# $\lim\limits_{n \to \infty} \frac{a_n}{a_{n+1}} = 1 \Rightarrow \exists c \in \mathbb{R}: \lim\limits_{n \to \infty} {a_n} = c$

Let $$(a_n)_{n\in \mathbb{N}}$$ be a sequence of real numbers. I was wondering if the follwing implication is true: $$\lim\limits_{n \to \infty} \frac{a_n}{a_{n+1}} = 1 \Rightarrow \exists c \in \mathbb{R}: \lim\limits_{n \to \infty} {a_n} = c$$ Put into words: If $$\lim\limits_{n \to \infty} \frac{a_n}{a_{n+1}} = 1$$ then $$\lim\limits_{n \to \infty} a_{n}$$ converges.

My intuition behind $$\lim_{n \to \infty} \frac{a_n}{a_{n+1}} = 1$$ is that at some point $$a_n$$ and $$a_{n+1}$$ are alsmost equal. If this is the case $$(a_n)_{n\in \mathbb{N}}$$ is a Cauchy sequence and so converges. However I wasn't able to formally prove the statement. So I wondered:

• Is the statement really true?
• (If so, how could you prove it?)

Cheers,
Pascal

• $$a_n = n.{}$$
– MSDG
Commented Nov 26, 2018 at 22:08
• @MisterRiemann Thanks for the counter example. :) I guess I can answer the question myself then. Commented Nov 26, 2018 at 22:11

As noticed by MisterRiemann $$a_n=n$$ is a first counterexample but also $$a_n=n^2$$ works or $$a_n=\log n$$ and so on.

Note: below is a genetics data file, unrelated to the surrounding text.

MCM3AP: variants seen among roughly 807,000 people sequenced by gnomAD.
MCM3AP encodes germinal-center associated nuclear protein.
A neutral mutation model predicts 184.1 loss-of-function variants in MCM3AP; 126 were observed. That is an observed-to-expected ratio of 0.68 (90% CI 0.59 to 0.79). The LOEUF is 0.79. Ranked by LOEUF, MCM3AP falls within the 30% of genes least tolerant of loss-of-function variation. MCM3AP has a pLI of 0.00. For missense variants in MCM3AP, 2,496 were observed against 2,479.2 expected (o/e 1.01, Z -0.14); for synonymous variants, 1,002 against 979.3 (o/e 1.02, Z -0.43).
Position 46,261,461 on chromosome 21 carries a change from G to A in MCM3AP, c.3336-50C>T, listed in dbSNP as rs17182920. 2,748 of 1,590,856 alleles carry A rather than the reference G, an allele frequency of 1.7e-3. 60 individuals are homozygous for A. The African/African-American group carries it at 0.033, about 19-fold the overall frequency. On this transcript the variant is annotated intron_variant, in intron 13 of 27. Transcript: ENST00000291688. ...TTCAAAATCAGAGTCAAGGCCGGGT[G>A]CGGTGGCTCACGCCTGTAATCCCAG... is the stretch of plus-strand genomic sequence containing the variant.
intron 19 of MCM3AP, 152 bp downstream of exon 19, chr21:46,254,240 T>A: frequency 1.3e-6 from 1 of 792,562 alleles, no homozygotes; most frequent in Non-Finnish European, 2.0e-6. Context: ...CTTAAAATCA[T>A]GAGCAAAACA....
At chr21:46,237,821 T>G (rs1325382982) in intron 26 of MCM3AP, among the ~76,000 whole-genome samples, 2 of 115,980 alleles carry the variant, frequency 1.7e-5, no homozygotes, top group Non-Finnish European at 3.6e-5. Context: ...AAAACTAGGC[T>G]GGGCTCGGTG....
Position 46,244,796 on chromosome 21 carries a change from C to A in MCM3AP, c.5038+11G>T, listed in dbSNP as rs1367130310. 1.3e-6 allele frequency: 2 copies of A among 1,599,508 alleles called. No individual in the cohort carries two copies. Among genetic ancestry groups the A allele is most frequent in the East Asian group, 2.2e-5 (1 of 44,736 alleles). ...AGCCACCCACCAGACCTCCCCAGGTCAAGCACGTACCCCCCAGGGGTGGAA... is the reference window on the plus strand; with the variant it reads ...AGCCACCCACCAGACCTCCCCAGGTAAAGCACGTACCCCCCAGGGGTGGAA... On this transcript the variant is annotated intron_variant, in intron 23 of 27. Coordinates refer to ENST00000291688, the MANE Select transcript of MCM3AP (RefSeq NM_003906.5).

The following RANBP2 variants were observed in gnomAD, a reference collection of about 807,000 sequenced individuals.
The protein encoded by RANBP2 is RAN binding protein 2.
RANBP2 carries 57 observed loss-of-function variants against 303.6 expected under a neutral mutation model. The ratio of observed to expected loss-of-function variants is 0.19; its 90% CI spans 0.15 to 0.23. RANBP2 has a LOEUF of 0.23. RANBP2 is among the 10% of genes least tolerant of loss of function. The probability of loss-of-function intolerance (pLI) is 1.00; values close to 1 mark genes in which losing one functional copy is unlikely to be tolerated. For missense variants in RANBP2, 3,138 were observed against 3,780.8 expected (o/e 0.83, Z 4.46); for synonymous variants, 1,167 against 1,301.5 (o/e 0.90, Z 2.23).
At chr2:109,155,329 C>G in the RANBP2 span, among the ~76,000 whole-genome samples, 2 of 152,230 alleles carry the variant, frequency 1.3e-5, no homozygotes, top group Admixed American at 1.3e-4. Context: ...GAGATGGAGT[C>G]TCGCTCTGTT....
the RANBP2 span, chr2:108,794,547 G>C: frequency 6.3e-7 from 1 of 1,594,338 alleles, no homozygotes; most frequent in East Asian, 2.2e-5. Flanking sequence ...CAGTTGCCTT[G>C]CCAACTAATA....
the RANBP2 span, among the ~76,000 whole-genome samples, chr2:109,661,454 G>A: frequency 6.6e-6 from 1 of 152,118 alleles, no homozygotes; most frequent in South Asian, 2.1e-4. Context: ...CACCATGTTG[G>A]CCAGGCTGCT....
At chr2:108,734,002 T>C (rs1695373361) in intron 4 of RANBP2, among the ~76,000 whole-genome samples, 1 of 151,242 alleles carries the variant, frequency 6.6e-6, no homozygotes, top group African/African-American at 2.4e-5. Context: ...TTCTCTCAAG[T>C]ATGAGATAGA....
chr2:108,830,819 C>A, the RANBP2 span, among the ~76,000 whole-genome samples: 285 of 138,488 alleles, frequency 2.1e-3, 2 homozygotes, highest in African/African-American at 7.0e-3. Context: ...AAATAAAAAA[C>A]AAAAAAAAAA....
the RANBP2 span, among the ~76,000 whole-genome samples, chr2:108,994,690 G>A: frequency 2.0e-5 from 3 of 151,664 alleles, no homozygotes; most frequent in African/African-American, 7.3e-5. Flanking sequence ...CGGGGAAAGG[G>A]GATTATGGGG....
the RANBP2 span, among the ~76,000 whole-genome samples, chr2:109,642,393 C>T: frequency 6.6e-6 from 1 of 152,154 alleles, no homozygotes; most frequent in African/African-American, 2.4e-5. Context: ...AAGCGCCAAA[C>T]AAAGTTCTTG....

Therefore unfortunately your guess is definitely not true!

As a remark, other common myths on limits are:

1) $$a_n \to \infty \implies a_{n+1}\ge a_n$$

2) $$a_n \to L \implies a_n \to L^+ \quad \lor \quad a_n \to L^-$$

3) $$a_n \to 0^+ \implies a_{n+1}\le a_n$$

4) $$a_n$$ bounded $$\implies a_n \to L$$

The conclusion is wrong even for bounded sequences.

An example is $$a_ n = 2 + \sin(\log(n))$$ which is not convergent (it oscillates between $$1$$ and $$3$$). But $$\left\lvert \frac{a_{n+1}}{a_n} - 1 \right\rvert = \left\lvert \frac{\sin(\log(n+1))- \sin(\log(n))}{2 + \sin(\log(n))} \right\rvert \\ \le \left\lvert \sin(\log(n+1))- \sin(\log(n)) \right\rvert = \left\lvert \frac{\cos(\log(x_n))}{x_n}\right\rvert$$ for some $$x_n \in (n, n+1)$$, using the mean value theorem. It follows that $$\left\lvert \frac{a_{n+1}}{a_n} - 1 \right\rvert \le \frac{1}{n} \to 0 \, ,$$ i.e. $$\frac{a_{n+1}}{a_n} \to 1$$.

Roughly speaking, $$(a_n)$$ oscillates, but with decreasing frequency, so that the ratio of successive sequence elements approaches one.

Thanks to MisterRiemann for the counterexample of $$a_n = n$$.

$$\lim\limits_{n \to \infty} \frac{a_n}{a_{n+1}} = \lim\limits_{n \to \infty} \frac{n}{{n+1}} = 1$$ but: $$\lim\limits_{n \to \infty} {a_n} =\lim\limits_{n \to \infty} n = \infty \Rightarrow \nexists c \in \mathbb{R}: \lim\limits_{n \to \infty} {a_n} = c$$